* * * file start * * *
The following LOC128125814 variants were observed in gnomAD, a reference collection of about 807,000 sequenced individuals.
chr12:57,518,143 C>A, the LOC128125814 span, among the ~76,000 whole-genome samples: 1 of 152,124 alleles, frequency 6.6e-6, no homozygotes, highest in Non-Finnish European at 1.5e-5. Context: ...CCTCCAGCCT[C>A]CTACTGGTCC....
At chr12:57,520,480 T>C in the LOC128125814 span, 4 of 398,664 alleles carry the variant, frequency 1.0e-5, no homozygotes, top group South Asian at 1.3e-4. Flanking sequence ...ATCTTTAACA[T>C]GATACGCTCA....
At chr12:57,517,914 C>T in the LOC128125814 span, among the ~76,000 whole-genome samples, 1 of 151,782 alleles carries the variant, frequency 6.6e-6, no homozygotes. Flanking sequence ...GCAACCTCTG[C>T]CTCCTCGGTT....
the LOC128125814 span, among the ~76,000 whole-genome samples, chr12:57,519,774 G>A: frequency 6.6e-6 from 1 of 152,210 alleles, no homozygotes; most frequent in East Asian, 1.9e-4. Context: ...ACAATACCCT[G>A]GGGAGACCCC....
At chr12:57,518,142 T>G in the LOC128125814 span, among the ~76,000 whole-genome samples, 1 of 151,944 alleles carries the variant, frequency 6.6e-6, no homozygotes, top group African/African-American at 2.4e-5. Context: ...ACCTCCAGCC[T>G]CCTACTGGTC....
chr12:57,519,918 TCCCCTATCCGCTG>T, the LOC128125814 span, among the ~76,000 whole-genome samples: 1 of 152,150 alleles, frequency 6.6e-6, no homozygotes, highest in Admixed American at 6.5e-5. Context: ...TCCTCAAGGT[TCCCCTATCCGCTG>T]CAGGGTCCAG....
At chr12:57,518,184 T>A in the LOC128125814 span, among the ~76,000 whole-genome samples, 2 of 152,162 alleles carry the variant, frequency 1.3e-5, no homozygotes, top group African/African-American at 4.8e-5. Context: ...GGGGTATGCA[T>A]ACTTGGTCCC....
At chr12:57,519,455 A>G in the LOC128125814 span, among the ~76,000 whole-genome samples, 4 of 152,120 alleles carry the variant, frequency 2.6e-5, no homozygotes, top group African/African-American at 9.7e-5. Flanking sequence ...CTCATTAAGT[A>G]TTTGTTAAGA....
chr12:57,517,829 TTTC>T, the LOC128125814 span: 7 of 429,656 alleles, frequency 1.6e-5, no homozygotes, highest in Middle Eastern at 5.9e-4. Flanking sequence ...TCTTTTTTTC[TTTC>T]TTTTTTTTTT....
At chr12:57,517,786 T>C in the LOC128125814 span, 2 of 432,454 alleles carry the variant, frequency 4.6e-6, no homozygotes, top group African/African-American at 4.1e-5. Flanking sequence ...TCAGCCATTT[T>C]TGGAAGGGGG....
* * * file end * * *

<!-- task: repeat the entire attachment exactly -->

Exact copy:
The following LOC128125814 variants were observed in gnomAD, a reference collection of about 807,000 sequenced individuals.
chr12:57,518,143 C>A, the LOC128125814 span, among the ~76,000 whole-genome samples: 1 of 152,124 alleles, frequency 6.6e-6, no homozygotes, highest in Non-Finnish European at 1.5e-5. Context: ...CCTCCAGCCT[C>A]CTACTGGTCC....
At chr12:57,520,480 T>C in the LOC128125814 span, 4 of 398,664 alleles carry the variant, frequency 1.0e-5, no homozygotes, top group South Asian at 1.3e-4. Flanking sequence ...ATCTTTAACA[T>C]GATACGCTCA....
At chr12:57,517,914 C>T in the LOC128125814 span, among the ~76,000 whole-genome samples, 1 of 151,782 alleles carries the variant, frequency 6.6e-6, no homozygotes. Flanking sequence ...GCAACCTCTG[C>T]CTCCTCGGTT....
the LOC128125814 span, among the ~76,000 whole-genome samples, chr12:57,519,774 G>A: frequency 6.6e-6 from 1 of 152,210 alleles, no homozygotes; most frequent in East Asian, 1.9e-4. Context: ...ACAATACCCT[G>A]GGGAGACCCC....
At chr12:57,518,142 T>G in the LOC128125814 span, among the ~76,000 whole-genome samples, 1 of 151,944 alleles carries the variant, frequency 6.6e-6, no homozygotes, top group African/African-American at 2.4e-5. Context: ...ACCTCCAGCC[T>G]CCTACTGGTC....
chr12:57,519,918 TCCCCTATCCGCTG>T, the LOC128125814 span, among the ~76,000 whole-genome samples: 1 of 152,150 alleles, frequency 6.6e-6, no homozygotes, highest in Admixed American at 6.5e-5. Context: ...TCCTCAAGGT[TCCCCTATCCGCTG>T]CAGGGTCCAG....
At chr12:57,518,184 T>A in the LOC128125814 span, among the ~76,000 whole-genome samples, 2 of 152,162 alleles carry the variant, frequency 1.3e-5, no homozygotes, top group African/African-American at 4.8e-5. Context: ...GGGGTATGCA[T>A]ACTTGGTCCC....
At chr12:57,519,455 A>G in the LOC128125814 span, among the ~76,000 whole-genome samples, 4 of 152,120 alleles carry the variant, frequency 2.6e-5, no homozygotes, top group African/African-American at 9.7e-5. Flanking sequence ...CTCATTAAGT[A>G]TTTGTTAAGA....
chr12:57,517,829 TTTC>T, the LOC128125814 span: 7 of 429,656 alleles, frequency 1.6e-5, no homozygotes, highest in Middle Eastern at 5.9e-4. Flanking sequence ...TCTTTTTTTC[TTTC>T]TTTTTTTTTT....
At chr12:57,517,786 T>C in the LOC128125814 span, 2 of 432,454 alleles carry the variant, frequency 4.6e-6, no homozygotes, top group African/African-American at 4.1e-5. Flanking sequence ...TCAGCCATTT[T>C]TGGAAGGGGG....